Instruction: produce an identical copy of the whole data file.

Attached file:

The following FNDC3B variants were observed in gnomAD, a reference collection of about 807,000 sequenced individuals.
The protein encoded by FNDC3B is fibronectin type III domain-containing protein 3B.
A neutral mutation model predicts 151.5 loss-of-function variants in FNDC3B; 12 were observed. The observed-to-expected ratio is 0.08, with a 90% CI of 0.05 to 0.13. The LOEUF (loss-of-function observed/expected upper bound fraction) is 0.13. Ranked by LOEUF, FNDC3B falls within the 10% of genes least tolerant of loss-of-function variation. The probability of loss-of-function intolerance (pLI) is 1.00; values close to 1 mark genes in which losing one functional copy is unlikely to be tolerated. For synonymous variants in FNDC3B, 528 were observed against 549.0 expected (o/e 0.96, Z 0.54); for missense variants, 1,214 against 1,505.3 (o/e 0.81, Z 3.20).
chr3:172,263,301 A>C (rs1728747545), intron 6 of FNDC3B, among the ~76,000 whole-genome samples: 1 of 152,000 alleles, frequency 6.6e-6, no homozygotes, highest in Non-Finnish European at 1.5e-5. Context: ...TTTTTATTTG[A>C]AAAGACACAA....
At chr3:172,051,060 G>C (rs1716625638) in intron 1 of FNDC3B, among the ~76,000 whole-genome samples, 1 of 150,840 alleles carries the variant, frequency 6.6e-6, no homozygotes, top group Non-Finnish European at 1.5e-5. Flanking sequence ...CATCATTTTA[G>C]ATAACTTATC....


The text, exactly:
The following FNDC3B variants were observed in gnomAD, a reference collection of about 807,000 sequenced individuals.
The protein encoded by FNDC3B is fibronectin type III domain-containing protein 3B.
A neutral mutation model predicts 151.5 loss-of-function variants in FNDC3B; 12 were observed. The observed-to-expected ratio is 0.08, with a 90% CI of 0.05 to 0.13. The LOEUF (loss-of-function observed/expected upper bound fraction) is 0.13. Ranked by LOEUF, FNDC3B falls within the 10% of genes least tolerant of loss-of-function variation. The probability of loss-of-function intolerance (pLI) is 1.00; values close to 1 mark genes in which losing one functional copy is unlikely to be tolerated. For synonymous variants in FNDC3B, 528 were observed against 549.0 expected (o/e 0.96, Z 0.54); for missense variants, 1,214 against 1,505.3 (o/e 0.81, Z 3.20).
chr3:172,263,301 A>C (rs1728747545), intron 6 of FNDC3B, among the ~76,000 whole-genome samples: 1 of 152,000 alleles, frequency 6.6e-6, no homozygotes, highest in Non-Finnish European at 1.5e-5. Context: ...TTTTTATTTG[A>C]AAAGACACAA....
At chr3:172,051,060 G>C (rs1716625638) in intron 1 of FNDC3B, among the ~76,000 whole-genome samples, 1 of 150,840 alleles carries the variant, frequency 6.6e-6, no homozygotes, top group Non-Finnish European at 1.5e-5. Flanking sequence ...CATCATTTTA[G>C]ATAACTTATC....